Their quarterback, Luke Fritsch, is on pace for 1,000 yards passing and rushing and already has 11 touchdowns. Fullback Dodi Makwinja is a bruising back with speed. Antonio Casiello has emerged as a threat from the backfield and in the slot at receiver. Wide receiver Jack Peery has developed a tendency for touchdowns while averaging 23.3 yards a catch.
O’Gorman (2-1) is never more dangerous than when it gets those players to the edge. Flexing their speed also makes up for their lack of size.
On defense, the Knights have made up for a lack of size with speed and experience at linebacker and defensive back. Soon, two-way standout Boston Bauer could return from injury.
The only thing holding back the Knights so far is consistency. That was a topic of discussion following Friday’s 28-14 road win over Brandon Valley. In that game O’Gorman held Brandon to two yards of first-half offense, and then surrendered 228 yards in the third and fourth quarters.
Coach Steve Kueter (282-90-1) is three wins away from the state’s all-time wins mark held by former Yankton great Max Hawk (284-78-2). If the Knights win Friday against Washington and next week at home against Watertown, the stage is set for an Oct. 2 showdown for the record, against the Bucks in Yankton, of all places.
Stay tuned for that one. I’m guessing we’ll do a story about it.
Rising Warriors face crucial test
The Warriors (2-1) entered the season with high expectations internally, and save for a mistake laden Week 2 loss against Lincoln, they’ve displayed the big play ability absent from the past two seasons.
Nothing stands as more important for the Warriors the rest of the way.
Quarterback Jack Schelhaas is a niftier runner than he is gifted thrower, but the three-year starter has lots of capable targets at his disposal and the Warriors have looked their best this season when the passing attack is there to compliment the run game.
Schelhaas followed the Lincoln loss, in which he threw three interceptions, with four passing touchdowns in the first half against Yankton at the Presidents Bowl. He rumbled in for two more scores on the ground, accounting for all six Washington touchdowns in the 43-19 win.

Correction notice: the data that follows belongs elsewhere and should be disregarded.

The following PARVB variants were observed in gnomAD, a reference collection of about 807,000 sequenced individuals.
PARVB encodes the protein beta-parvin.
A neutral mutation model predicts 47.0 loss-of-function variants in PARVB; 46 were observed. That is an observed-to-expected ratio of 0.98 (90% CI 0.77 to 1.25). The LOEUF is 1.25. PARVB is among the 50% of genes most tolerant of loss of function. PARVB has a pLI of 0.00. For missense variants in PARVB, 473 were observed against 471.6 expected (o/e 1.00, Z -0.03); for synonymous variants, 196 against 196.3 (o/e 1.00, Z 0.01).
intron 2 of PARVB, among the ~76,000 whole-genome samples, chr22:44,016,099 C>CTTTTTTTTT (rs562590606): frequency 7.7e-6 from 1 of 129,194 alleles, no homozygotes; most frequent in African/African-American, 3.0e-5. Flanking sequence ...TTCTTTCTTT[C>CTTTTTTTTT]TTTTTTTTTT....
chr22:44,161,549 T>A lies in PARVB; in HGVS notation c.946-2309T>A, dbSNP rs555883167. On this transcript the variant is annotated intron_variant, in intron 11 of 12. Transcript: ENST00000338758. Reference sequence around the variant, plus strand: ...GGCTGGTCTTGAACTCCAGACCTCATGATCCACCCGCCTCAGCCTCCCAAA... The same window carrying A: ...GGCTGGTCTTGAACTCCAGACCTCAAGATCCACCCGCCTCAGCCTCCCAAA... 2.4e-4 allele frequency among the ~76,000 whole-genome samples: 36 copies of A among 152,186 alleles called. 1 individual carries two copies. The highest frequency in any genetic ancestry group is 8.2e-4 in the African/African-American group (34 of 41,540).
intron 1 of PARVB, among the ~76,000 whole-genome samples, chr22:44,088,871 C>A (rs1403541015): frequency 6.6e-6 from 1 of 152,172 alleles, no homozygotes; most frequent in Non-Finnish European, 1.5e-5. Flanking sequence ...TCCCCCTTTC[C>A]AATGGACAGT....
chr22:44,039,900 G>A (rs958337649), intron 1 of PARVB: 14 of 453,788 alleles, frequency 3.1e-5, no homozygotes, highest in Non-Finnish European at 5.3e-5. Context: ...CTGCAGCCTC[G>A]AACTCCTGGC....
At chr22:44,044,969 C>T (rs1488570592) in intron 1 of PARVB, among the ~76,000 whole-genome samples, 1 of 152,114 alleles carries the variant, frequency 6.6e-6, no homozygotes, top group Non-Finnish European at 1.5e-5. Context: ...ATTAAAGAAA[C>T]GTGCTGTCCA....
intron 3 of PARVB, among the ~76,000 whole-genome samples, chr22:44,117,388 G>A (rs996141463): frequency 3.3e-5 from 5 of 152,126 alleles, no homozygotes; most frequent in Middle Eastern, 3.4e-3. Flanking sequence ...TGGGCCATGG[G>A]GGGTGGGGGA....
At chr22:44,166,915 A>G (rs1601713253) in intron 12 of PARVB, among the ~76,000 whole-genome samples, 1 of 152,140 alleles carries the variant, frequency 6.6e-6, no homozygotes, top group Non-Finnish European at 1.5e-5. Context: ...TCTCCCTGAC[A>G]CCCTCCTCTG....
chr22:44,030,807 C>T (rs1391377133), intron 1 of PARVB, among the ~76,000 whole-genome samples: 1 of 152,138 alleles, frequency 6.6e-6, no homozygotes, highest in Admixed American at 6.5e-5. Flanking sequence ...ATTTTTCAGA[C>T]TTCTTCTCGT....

Washington has a big test ahead with O’Gorman on Friday. With Blue Chip prospect Matt Farniok (6-foot-5, 310 pounds), Steve Cordell (5-10, 260), Will Farniok (6-2, 245), Bridger Irons (6-4, 250) and Jaren Fountain (6-2, 245), the Warriors will likely try and wear down the Knights.
Getting containment on the edge will be crucial, as will the occasional big play on offense.
Lincoln looking ever ahead, not to the streak
Have the Patriots (2-1) fallen from glory after Saturday’s defeat? Relax. The wheels came off early against the top-ranked Riders. The Patriots will probably be fine.
Yes, the 24-game winning streak – which spanned two seasons and the first two ‘11AAA’ championships – is over. But I got the sense talking to players and coaches that “the streak” didn’t hold a lot of significance to begin with.
That’s not to say head coach Aaron Beavers isn’t proud of what the Patriots have done, but the focus has been on 1-0 – winning the game ahead of them – and not 24-0.
The Patriots are still capable of flexing their advantage on the offensive line and wearing teams down, as they did against Washington. They won’t throw it 30 times a game, but junior Cole DeBerg has established a nice connection with receiver Lee Ransom, who has 12 catches for 146 yards and a touchdown in his last two games.
Beavers will want to see cleaner efforts from his Patriots, though. Penalties hampered the squad in its first and third games. Still, it’s hard to see anything but seasonal improvement from a team with a winning culture and several new starters